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From Mark Miller <>
Subject Re: SpanNearQuery's spans & payloads
Date Sat, 12 Sep 2009 12:40:28 GMT
Michael McCandless wrote:
> OK thanks for the responses.  This is indeed tricky stuff!
> On Sat, Sep 12, 2009 at 12:28 AM, Mark Miller <> wrote:
>> They start at the left and march right - each Span always starting
>> after the last started,
> That's not quite always true -- eg I got span 1-8, twice, once I added
> "b" as a clause to the SNQ.
Mmm - right - depends on how you look at it I think - it is less simple
with terms at multiple positions, in that now each Span doesn't start
in the *position* after the last - but if you line up the terms like you
did, its still the same - the first 1 - 8 starts at the first term at
pos 1, and
the next 1 to 8 starts at the seconds term at pos 1. One starts after
the other (though if you think Lucene positions, I realize they virtually
start at the same spot).
>> You might want exhaustive for highlighting as well - but its
>> different algorithms ...
> Yeah, how we would represent spans for highlighting is tricky... we
> had discussed this ("how to represent spans for aggregate queries")
> recently, I think under LUCENE-1522.
> I think we'd have to return a tree structure, that mirrors the query's
> tree structure, to hold the spans, rather than try to enumerate
> ("denormalize") all possible expansions.  Each leaf node would hold
> actual data (position, term, payload, etc.), and then the tree nodes
> would express how they are and/ord/near'd together.  My app could then
> walk the tree to compute any combination I wanted.
>> In the end, I accepted my definition of works as - when I ask for
>> the payloads back, will I end up with a bag of all the payloads that
>> the Spans touched. I think you do.
> Yeah I think you do, except each payload is only returned once.  So
> it's only the first span that hits a payload that will return it.
> So it sounds like SNQ just isn't guaranteed to be exhaustive in how it
> enumerates the spans, eg I'll never see that 2nd occurrence of "k",
> nor its associated payload.
Not only not guaranteed, but its just not going to happen - its not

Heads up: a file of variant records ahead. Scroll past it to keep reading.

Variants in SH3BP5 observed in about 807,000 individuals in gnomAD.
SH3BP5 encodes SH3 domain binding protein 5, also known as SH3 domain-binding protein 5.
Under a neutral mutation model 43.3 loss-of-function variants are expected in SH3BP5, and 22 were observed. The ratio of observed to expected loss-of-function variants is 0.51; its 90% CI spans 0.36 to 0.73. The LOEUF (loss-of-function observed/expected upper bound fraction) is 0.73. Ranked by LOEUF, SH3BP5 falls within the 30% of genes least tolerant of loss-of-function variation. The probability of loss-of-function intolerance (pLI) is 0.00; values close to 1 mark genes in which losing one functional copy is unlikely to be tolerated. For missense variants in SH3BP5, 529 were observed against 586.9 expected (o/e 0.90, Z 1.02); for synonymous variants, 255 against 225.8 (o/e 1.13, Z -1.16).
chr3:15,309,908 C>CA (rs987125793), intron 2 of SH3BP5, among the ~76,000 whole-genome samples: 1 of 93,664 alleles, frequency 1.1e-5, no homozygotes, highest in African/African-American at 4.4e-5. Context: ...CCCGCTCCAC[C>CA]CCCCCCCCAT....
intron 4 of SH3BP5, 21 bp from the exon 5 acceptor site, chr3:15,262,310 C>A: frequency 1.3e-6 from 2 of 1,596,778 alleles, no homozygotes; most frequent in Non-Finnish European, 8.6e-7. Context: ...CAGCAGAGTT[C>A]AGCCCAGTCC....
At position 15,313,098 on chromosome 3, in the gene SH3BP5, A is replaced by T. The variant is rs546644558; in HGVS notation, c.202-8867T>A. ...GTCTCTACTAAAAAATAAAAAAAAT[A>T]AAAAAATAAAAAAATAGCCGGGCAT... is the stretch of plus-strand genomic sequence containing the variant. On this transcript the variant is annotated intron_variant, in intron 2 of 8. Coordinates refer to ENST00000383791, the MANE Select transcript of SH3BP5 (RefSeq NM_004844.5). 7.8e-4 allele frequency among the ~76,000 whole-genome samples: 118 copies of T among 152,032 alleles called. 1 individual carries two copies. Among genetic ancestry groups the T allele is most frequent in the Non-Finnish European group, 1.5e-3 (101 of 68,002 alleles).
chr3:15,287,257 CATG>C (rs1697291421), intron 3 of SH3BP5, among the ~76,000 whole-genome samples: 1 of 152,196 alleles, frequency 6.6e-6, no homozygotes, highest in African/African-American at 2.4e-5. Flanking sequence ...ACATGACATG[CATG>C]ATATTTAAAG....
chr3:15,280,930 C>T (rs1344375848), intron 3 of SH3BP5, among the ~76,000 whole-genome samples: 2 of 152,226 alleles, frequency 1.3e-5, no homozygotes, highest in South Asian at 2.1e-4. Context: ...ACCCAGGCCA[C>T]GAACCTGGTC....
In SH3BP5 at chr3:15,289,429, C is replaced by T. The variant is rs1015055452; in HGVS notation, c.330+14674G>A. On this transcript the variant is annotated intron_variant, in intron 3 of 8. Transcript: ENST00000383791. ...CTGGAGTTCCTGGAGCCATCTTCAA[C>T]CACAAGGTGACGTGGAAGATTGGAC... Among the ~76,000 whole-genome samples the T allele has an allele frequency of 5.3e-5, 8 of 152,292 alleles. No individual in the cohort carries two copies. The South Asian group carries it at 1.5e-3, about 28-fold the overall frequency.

how spans match. If I say find n within 300 of m with the following:

n m m m m m m m m m m m m  m m m m m m m m m m m m m m m m m m m m m m
m  m m m m m m m m m m m

Only the first m will match. It will start at the left, find the n, then
say great, an m within 300, this doc matches, we are done. There is
not another n to start on or finish on to the right. It doesn't then
touch the next 300 m's - just they way Doug implemented them from what I
can tell. Its only exhaustive from the
left - find m within 300 of n, order matters (m first)

m m m m m m m m m m m m m m m m m m n

This will be a bunch of spans - start at the left - the first m to n
matches, then the second m - n matches, then the third m to n matches,
and so on as we move right.
> For now I'll just match this behavior ("can only load payload once")
> in all codecs in LUCENE-1458... the test passes again once I do that.
>> I meant, all those Spans came from one query - so you got your bag
>> of payloads right? If each Span was a separate entity, it would
>> obviously be way wrong - but from a single SpanQuery, at least you
>> got all the payloads in some form :)
> Right, this is all one query... but the payload for the 2nd
> occurrence of "k" was never included in any span so I didn't get "all"
> payloads.
You got all the payloads the query matched - I think you need a
different query (or
we change the Spans algorithm completely)
> Maybe if/once we incorporate spans into Lucene's normal queries
> (optionally, so there's no performance hit if you don't ask for them)
> we can re-visit these issues.
> Mike
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- Mark

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